Referring to the drawings compaction apparatus includes two rotary members 10 and 11 each rotatable about an axis 12 and 13 respectively, the axes lying in a common plane and being inclined at an acute angle relative to one another. In the illustrated arrangement the angle between the axes 12 and 13 is about 10 diameter of the members, the nature of the crop material, the degree of compression required and other factors. For example the angle may lie in the range of between 5
The members 10 and 11 are arranged to be rotated in the same direction by drive means (not shown). Such drive means may be coupled to a shaft 14 and/or 15 on which the members 10 and 11 are mounted.
In the illustrated arrangement the members 10 and 11 each carry meshing bevel gearing 16 and 17 whereby one member is driven by the other at an identical speed.
Towards the radially outer edge of each of the rotary members 10 and 11 is arranged a row of pockets 19 and 20. The pockets 19 and 20 of each row are spaced from one another along the row a distance to provide a spacing 21 between the pockets approximately equal to the length of each pocket as measured along the circular row of pockets.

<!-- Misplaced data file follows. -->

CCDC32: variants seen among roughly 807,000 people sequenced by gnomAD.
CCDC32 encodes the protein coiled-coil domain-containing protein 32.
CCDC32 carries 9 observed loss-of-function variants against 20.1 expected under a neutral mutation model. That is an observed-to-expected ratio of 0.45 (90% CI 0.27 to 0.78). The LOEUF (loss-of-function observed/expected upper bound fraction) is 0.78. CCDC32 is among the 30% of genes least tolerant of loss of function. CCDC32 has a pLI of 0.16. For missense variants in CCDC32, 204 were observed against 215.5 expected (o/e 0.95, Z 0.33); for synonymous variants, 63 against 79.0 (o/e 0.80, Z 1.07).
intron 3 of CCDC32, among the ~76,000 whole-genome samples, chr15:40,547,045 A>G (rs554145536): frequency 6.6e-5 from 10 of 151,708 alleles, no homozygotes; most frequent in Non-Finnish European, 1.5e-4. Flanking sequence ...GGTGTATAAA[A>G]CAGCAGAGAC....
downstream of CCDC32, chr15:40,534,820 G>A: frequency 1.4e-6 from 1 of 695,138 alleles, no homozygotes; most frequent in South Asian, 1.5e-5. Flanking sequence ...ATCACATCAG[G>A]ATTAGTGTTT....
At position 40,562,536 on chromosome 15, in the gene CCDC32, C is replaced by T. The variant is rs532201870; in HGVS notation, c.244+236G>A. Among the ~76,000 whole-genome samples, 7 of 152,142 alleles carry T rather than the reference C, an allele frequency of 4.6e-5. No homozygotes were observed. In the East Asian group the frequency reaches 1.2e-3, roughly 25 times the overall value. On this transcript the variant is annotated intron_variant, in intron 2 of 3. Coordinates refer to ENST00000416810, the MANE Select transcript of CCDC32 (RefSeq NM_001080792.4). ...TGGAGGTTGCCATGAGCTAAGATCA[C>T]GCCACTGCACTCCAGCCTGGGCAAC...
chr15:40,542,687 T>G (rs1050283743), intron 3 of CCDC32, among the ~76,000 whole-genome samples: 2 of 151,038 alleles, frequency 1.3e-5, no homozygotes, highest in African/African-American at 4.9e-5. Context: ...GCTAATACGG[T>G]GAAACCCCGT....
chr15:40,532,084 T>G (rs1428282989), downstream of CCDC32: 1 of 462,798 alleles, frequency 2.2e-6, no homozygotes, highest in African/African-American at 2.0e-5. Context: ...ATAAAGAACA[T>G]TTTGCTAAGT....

The pockets 19 of the member 10 are arranged in relation to the pockets 20 of the member 11 such that the pockets 19 lie over the spaces 21 between the pockets 20, and the pockets 20 lie over the spaces 21 between the pockets 19. Thus the pockets 19 are at the same spacings and of the same lengths as the pockets 20 and the pockets 19 and 20 are located along a row at the same distance from the respective axes 12 and 13 of the members 10 and 11.
Each of the pockets is of part annular form and the pockets approximate to a rectangle, as seen in FIG. 1, or a square in cross-section, and the pockets taper towards their base.